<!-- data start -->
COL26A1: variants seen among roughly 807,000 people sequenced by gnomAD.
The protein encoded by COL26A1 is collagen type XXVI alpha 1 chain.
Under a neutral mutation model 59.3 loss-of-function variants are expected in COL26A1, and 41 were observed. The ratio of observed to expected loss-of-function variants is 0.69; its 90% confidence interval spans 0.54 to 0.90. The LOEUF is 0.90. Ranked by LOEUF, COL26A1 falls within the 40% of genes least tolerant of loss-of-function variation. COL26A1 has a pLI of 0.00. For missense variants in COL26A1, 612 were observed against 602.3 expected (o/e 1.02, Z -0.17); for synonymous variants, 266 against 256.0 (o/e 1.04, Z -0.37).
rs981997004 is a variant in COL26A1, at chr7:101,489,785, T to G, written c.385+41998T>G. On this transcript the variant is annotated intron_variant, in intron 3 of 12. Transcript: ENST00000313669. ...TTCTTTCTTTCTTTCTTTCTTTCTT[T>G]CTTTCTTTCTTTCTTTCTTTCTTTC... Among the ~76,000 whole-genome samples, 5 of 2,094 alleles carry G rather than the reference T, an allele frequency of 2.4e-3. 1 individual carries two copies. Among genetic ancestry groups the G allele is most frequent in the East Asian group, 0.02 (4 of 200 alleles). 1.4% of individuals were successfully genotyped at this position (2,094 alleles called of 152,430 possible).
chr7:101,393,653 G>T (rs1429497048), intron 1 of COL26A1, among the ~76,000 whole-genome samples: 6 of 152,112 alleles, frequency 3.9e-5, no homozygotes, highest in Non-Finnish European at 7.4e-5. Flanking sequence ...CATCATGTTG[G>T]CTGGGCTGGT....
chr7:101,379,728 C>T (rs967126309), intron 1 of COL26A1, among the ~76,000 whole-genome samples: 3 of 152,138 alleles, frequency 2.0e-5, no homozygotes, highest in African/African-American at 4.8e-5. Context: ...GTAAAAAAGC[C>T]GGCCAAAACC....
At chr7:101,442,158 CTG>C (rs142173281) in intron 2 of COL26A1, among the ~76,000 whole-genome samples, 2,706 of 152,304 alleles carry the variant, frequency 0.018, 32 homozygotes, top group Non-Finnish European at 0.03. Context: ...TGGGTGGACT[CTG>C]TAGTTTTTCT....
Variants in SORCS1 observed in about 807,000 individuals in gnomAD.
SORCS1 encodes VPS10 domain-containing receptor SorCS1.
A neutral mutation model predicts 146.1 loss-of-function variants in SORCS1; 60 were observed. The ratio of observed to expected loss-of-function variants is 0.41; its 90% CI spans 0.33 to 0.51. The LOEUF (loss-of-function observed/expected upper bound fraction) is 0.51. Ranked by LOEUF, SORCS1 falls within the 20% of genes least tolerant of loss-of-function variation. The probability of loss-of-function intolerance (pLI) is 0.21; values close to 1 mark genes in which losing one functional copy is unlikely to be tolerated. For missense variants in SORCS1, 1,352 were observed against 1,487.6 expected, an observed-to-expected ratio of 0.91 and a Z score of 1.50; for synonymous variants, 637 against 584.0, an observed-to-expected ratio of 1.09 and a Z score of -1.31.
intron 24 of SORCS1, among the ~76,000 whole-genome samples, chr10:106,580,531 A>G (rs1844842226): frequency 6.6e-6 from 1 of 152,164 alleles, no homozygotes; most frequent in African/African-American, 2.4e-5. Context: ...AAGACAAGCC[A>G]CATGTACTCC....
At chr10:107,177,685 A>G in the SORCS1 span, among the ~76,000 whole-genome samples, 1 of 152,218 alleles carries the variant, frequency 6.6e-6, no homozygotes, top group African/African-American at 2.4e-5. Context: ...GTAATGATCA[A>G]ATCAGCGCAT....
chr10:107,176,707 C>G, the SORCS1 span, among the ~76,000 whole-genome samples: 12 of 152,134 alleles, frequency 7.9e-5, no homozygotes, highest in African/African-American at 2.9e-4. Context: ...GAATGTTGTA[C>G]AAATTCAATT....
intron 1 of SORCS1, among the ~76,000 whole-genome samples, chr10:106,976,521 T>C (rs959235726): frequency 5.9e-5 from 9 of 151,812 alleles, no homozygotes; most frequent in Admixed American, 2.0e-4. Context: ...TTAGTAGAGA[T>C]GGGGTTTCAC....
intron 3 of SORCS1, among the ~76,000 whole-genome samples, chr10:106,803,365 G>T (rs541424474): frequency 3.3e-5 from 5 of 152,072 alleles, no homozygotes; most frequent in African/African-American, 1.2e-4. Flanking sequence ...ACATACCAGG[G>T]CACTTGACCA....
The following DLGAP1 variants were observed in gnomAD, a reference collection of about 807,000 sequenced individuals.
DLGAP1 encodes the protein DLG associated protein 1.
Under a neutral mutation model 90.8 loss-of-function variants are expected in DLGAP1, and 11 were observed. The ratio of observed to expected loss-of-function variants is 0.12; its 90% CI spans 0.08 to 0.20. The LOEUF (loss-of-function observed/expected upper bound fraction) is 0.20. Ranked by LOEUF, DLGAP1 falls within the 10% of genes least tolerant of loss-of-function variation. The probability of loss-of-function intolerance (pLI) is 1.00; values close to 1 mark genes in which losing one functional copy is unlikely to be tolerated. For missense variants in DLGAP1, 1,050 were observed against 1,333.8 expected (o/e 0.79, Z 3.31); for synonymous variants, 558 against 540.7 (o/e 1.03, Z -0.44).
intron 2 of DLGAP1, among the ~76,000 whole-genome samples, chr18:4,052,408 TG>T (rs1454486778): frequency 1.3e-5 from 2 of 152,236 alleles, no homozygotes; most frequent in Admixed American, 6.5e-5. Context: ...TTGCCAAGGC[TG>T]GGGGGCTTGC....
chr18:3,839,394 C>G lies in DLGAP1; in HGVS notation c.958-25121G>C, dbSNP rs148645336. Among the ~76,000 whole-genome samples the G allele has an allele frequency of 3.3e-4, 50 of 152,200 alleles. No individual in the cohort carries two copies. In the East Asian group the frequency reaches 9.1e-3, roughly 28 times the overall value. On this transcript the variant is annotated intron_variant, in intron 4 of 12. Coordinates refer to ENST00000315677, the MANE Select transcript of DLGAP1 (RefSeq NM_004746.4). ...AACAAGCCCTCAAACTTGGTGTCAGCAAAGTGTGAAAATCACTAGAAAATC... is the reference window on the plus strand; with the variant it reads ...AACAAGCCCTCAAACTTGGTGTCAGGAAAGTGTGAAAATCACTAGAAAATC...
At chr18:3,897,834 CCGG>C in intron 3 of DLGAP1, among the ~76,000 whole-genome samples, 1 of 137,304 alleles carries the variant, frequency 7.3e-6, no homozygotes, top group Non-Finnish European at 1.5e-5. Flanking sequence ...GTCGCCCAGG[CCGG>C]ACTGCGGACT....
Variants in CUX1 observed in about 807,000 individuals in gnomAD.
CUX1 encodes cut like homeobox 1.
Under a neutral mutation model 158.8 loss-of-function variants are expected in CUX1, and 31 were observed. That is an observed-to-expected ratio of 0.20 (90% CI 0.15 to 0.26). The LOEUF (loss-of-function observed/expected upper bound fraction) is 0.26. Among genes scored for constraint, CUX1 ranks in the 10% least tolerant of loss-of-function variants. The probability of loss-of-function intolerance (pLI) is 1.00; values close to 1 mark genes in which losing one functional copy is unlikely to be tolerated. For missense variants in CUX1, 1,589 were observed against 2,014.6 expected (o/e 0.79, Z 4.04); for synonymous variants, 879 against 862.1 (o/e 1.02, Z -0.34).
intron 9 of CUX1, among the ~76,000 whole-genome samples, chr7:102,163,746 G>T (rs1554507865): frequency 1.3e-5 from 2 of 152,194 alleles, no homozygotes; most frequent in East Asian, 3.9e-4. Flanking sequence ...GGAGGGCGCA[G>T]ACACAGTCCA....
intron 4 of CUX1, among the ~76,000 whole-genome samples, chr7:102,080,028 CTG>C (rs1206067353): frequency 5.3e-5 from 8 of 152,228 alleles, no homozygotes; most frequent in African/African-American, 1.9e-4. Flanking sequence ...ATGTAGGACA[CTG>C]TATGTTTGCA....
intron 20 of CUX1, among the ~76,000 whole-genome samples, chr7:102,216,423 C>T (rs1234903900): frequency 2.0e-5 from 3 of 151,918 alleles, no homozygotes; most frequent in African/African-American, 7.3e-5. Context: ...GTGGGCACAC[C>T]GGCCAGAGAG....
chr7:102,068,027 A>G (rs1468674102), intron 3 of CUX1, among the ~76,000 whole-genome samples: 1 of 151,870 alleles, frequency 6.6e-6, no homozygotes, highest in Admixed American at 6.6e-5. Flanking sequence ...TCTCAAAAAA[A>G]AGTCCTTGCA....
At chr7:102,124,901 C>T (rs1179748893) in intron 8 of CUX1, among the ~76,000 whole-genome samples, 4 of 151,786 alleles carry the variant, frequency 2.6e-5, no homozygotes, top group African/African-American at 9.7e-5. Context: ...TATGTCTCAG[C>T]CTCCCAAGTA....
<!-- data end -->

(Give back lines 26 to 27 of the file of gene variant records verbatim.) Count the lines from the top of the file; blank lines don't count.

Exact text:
intron 4 of CUX1, among the ~76,000 whole-genome samples, chr7:102,080,028 CTG>C (rs1206067353): frequency 5.3e-5 from 8 of 152,228 alleles, no homozygotes; most frequent in African/African-American, 1.9e-4. Flanking sequence ...ATGTAGGACA[CTG>C]TATGTTTGCA....
intron 20 of CUX1, among the ~76,000 whole-genome samples, chr7:102,216,423 C>T (rs1234903900): frequency 2.0e-5 from 3 of 151,918 alleles, no homozygotes; most frequent in African/African-American, 7.3e-5. Context: ...GTGGGCACAC[C>T]GGCCAGAGAG....